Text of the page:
Accidental Deliberations: Sunday Morning Links

This and that for your Sunday reading. – David Sirota interviews Thomas Frank about the U.S. Democrats’ obsession with educational achievement as a cure-all – and their consequent loss of touch with the large numbers of citizens suffering from economic policies which left them behind: Sirota: What do you think that the Democrats didn’t do ...

Accidental Deliberations: Wednesday Afternoon Links

Miscellaneous material for your mid-week reading. – Thomas Frank writes that a progressive party can only expect to succeed if it places principles of equality and workers’ interests at the core of everything it does – rather than serving mostly as the voice of a wealthy professional class: Somewhere in a sunny corner of the ...

Susan on the Soapbox: Mouseland (why do people vote against their self-interest?)

               “All the laws were good laws. For cats.”—Tommy Douglas The other day I called Telus to cancel my campaign phones and internet service.  Groan.  After listening to canned music for 17 minutes I was transferred to a customer service rep. He took my information, argued with me when I wouldn’t give him my email ...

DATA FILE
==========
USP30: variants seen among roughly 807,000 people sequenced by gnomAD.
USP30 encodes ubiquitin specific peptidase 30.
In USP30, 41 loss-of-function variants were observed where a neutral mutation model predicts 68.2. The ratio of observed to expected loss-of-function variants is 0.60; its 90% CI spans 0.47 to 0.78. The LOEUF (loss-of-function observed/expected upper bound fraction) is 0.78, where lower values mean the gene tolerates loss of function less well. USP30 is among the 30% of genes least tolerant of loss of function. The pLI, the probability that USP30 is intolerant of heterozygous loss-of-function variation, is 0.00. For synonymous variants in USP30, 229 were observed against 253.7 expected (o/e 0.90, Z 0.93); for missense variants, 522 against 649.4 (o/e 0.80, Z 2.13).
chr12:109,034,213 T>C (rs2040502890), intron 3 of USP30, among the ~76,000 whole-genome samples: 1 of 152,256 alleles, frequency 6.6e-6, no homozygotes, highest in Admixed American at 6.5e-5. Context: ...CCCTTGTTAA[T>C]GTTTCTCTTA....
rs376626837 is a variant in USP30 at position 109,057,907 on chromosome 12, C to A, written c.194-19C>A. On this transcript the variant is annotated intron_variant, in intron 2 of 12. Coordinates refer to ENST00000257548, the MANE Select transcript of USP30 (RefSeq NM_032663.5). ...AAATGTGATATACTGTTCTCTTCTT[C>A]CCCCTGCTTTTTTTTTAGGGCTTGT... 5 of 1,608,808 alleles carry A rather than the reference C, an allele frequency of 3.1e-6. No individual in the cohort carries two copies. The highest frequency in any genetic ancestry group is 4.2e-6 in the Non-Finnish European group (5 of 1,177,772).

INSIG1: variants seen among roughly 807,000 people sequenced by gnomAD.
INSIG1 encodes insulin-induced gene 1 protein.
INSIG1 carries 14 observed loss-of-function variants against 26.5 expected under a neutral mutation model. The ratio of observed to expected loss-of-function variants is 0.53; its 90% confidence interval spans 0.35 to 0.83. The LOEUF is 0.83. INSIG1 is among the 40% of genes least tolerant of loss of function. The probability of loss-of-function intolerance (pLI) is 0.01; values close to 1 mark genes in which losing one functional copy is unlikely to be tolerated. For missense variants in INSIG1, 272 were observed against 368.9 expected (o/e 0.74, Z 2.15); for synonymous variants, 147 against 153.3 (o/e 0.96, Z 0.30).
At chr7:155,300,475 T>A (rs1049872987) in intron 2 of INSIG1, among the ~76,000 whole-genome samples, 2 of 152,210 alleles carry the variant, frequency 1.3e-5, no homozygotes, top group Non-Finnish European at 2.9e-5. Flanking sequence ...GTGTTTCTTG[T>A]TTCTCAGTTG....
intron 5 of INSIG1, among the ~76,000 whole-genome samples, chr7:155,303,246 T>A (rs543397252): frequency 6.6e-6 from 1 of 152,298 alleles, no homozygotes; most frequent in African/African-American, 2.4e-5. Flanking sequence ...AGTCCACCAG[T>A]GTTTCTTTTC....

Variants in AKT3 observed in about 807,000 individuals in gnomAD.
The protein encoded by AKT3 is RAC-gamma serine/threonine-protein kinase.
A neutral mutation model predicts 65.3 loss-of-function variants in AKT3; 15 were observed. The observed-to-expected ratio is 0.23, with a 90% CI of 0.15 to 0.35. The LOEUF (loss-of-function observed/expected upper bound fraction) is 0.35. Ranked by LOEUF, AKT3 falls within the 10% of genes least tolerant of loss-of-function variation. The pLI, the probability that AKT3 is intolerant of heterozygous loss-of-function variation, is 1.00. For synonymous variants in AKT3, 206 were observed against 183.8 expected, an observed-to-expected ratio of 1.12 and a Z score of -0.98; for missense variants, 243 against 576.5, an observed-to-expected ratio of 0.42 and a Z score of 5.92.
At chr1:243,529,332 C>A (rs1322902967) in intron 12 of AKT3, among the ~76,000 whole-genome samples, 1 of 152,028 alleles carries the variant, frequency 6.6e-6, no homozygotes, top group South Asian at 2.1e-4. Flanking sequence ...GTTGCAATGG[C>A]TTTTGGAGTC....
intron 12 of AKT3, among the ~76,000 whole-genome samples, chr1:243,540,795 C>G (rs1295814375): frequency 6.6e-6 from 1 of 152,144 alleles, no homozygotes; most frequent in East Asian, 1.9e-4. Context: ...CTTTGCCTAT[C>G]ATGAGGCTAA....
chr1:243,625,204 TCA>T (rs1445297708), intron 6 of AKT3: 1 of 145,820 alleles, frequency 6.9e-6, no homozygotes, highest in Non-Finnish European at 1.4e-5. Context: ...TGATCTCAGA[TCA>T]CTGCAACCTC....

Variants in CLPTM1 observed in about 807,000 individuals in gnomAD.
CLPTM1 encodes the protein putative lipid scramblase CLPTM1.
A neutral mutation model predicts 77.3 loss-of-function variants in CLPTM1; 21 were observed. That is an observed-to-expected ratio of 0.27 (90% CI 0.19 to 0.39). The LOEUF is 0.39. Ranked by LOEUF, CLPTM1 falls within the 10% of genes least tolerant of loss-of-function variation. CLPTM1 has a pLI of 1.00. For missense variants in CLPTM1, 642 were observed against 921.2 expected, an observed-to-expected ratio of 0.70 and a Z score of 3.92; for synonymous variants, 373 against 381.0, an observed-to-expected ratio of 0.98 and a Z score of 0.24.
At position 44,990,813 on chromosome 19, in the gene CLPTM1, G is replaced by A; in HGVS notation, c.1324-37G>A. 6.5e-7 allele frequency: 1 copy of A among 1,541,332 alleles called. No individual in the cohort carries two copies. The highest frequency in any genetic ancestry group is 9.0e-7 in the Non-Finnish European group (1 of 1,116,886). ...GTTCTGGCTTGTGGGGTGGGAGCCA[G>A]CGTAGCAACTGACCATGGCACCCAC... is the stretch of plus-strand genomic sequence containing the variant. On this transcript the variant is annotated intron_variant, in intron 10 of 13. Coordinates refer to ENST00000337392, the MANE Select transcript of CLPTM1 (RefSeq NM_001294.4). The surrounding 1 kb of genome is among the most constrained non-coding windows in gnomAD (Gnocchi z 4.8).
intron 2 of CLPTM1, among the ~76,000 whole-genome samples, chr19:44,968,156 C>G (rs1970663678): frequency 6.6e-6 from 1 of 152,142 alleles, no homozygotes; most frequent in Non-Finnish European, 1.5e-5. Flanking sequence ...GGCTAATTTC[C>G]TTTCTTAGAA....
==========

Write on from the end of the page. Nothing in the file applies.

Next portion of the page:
Accidental Deliberations: Sunday Morning Links

This and that for your Sunday reading. – Thomas Frank reviews Zephyr Teachout’s Corruption in America, and finds there’s even more reason to worry about gross wealth buying power than we could identify before: We think of all the laws passed over the years to restrict money in politics — and of all the ways ...

Accidental Deliberations: Sunday Morning Links

This and that for your Sunday reading. – Thomas Frank interviews Barry Lynn about the U.S.’ alarming concentration of wealth and power. Henry Blodget thoroughly rebuts the myth that “rich people create jobs”. And David Atkins goes a step further in discussing how hoarded wealth hurts the economy in general – with a particularly apt ...

Accidental Deliberations: Monday Morning Links

Miscellaneous material to start your week. – Thomas Frank discusses the corporate takeover of U.S. politics – and how even nominally left-oriented parties are willing to go along with the corporate position even as voters regularly demand something else: One of the reasons the phrase appealed to me, 17 years ago, was my belief back ...